I put two sacrificial plants in for 3 days to make sure it was mouse proof and it worked. So I went and replanted the rest of the arugula and bok choy back in the cold frame as they did recover inside under lights.

Trouble in the cold frame

I started lettuces from seeds inside under lights with NO heat which I then transplanted in the greenhouse on Feb 3rd. I also planted spinach, arugula and bok choy in the cold frame.

Everything in the greenhouse is doing great. Every nite I flip the winter weight row cover over them to protect them from the freezing nites and flip it off in the day so they get more sunlight. They are all under cages I built to keep mice out-works beautifully.

Unfortunately, in my cold frame, when I uncovered them, I don’t have any cages and mice munched 29 spinach plants (only 1 survived), 8 Bok Choys, and chomped 2 of the Arugula (I guess they didn’t like those much).

I hadn’t gone out in a few days after I planted the spinach/bok choy on Feb 3rd because the days/nites got really cold but that didn’t stop the mice! Only 1 spinach made it-the rest were eaten down to nothing. I still have 8 severely eaten bok choys and all the arugula that I re-dug up and they are back in pony packs inside again under lights to see how many will actually survive. To help with all the shock, I water with seaweed fertilizer and Vit B-1 (for plants). Meanwhile I need to tighten up the lid on the cold frame to hopefully keep them out (this coming week when weather is nicer). I will put out a few sacrificial survivors in about a week to see if the mice still get in and eat them.

Spinach is one of my favorite spring crops but must be eaten before it gets hot or it will bolt. So today I am planting more spinach seeds. Takes about 2 weeks from planting seeds to transplanting the seedlings into pony packs where they grow for another 2 weeks-so 4 weeks from planting seeds to planting outside (with protection). Let’s hope it won’t be a bad year for mice again like two years ago!

Home Grown New Mexico class/events

Some of you may know I’m the chairperson for Home Grown New Mexico, a non-profit organization that is all about becoming more sustainable in our lives. We offer classes and events every year for members and non-members. I want to post this for my gardening friends as they may be interested in these classes. If you are not a member, you may consider joining Home Grown NM as there are significant discounts for the events for members. These are not zoom classes but outdoor classes held around the Santa Fe area. Click on the links below for registering. To find out what else Home Grown NM has been up to, go to their website and scroll around to see what we’ve done in the past. It is a great resource.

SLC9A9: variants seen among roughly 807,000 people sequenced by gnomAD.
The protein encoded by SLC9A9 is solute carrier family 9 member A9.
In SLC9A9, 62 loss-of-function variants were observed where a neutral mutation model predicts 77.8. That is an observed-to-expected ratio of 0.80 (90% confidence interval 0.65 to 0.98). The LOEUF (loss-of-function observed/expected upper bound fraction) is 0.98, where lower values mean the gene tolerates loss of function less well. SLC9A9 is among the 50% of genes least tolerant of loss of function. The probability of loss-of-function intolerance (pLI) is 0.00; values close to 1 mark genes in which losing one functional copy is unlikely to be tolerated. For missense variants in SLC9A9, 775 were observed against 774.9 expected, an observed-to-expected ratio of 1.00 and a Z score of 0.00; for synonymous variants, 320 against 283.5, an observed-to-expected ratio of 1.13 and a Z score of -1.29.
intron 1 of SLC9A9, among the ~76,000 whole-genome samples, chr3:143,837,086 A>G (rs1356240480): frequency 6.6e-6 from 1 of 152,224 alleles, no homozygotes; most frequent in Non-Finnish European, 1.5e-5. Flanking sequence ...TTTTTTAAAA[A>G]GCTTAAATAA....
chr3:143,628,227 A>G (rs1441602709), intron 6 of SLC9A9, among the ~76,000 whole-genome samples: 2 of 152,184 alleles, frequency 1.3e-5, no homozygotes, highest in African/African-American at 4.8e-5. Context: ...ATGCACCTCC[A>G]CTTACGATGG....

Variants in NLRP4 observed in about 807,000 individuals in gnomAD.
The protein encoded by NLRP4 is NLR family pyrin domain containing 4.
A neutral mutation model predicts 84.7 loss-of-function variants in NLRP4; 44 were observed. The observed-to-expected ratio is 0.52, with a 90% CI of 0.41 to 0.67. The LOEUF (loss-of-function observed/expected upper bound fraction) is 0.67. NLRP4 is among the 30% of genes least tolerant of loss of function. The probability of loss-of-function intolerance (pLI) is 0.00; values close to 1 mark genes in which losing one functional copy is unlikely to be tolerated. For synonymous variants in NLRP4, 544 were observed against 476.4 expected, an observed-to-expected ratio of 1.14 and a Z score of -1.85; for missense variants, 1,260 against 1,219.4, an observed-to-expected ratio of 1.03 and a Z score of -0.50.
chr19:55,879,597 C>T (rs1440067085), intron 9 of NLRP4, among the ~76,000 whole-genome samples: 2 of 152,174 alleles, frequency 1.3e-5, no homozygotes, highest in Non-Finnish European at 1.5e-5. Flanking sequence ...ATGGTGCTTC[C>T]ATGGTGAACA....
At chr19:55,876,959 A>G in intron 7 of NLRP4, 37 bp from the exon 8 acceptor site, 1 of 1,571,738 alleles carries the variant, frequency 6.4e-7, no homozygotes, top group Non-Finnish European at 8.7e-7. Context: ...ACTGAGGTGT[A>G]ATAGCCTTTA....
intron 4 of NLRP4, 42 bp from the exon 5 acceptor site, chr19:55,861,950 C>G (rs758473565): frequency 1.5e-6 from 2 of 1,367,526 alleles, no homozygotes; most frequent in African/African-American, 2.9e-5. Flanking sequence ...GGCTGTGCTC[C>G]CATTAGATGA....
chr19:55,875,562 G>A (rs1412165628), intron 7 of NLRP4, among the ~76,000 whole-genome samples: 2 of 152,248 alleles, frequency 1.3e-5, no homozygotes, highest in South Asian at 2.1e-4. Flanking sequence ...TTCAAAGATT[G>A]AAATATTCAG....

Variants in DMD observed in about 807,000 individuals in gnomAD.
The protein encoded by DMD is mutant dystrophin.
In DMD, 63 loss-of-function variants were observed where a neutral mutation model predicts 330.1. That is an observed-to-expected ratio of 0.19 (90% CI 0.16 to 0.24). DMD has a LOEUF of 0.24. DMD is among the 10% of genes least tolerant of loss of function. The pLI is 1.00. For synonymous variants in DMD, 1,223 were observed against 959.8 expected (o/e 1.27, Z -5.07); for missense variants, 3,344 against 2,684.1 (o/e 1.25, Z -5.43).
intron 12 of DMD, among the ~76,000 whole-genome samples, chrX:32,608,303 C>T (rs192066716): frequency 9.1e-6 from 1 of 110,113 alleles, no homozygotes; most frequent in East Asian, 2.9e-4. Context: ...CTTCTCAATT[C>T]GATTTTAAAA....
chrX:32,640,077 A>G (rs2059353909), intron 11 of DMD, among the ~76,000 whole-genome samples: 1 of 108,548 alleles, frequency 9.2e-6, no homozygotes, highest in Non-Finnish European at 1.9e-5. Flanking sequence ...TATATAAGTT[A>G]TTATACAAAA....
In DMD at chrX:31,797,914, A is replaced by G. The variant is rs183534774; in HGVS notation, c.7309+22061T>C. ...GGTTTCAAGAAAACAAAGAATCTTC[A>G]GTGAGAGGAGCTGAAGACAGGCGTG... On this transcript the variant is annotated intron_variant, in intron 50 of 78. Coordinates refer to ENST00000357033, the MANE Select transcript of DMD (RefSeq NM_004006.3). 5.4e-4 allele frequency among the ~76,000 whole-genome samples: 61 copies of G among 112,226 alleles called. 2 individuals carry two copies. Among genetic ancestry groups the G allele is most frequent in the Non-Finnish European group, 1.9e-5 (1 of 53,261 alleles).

2022 CLASS/EVENT SCHEDULE-Below are the classes/events schedule for 2022 with detailed info on each class and REGISTRATION through EVENTBRITE.  SCROLL DOWN FOR LATEST EVENTS!

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MARCH

Tuesday, March 22nd
2 pm to 4 pm
Home Grown New Mexico Seed Exchange-one day only-FREE

WE ARE BACK! This year we have rented the Railyard Conservancy room behind SITE Santa Fe for one day only, across the street from the Farmers Market. It will be inside the room and also outside the room. !0 people at a time will be allowed to enter the room but you can look at the outside tables with seeds also while you wait to get in. The garage doors will be open for air circulation. Masks required. If you are looking for free seeds for your vegetable or flower garden or have seeds to share, start this new gardening season with us at the Santa Fe Seed Exchange. Please bring any seeds you may have to share. It is not necessary but helps keep our seed supply going. Please identify any seeds you are sharing.

Location: Railyard Park classroom 701 Callejon (behind SITE Santa Fe) off Paseo de Peralta • Santa Fe
Fee: FREE for everyone! No sign up-Just show up!

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soil class photo

JUNE

Sunday, June 5th
10 am to 12 pm

Healthy Soils Class

Learn how soil stewardship can increase soil nutrients and increase carbon capture in your backyard-Outside class

Isabelle Jenniches is co-founder of the New Mexico Healthy Soil Working Group, a grassroots alliance that formed in 2018 to pass the state’s Healthy Soil Act. The group’s mission is to support land managers in soil health stewardship while creating favorable government policy and raising active awareness in civil society.

In conversation with long-time gardener Alessandra Haines, Isabelle will demonstrate implementation of the 6 soil health principles in the home garden. We will discuss the many benefits of soil health, including increased water infiltration and retention, greater nutrient density of produce, and improved resilience to the effects of climate change and drought. Masks required.

Instructor: Isabelle Jenniches
Location: 52 Mansion (Alessandra & Steve Haine’s house) • Santa Fe
Fee: $5 for members/$20 for non-members-to become a member and save money for all our events go to our membership page and pay first before registering

REGISTER HERE 

Space is limited to 25 people

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mozzarella

Sunday, June 12th
10 am to 12 pm

Cheesemaking Class-Mozzarella

Learn how to make mozzarella with cow’s milk. Hands-on class.

Mozzarella originally came from southern Italy and was traditionally made from Italian buffalo milk but here in the US we usually use cow’s milk to make mozzarella. Making mozzarella at home seems intimidating, but you won’t believe how easy it is. Once you give it a try, you’ll want to make mozzarella for everything from Caprese salads to pizzas. Come learn how to make mozzarella with Diane! Outside class. Masks required.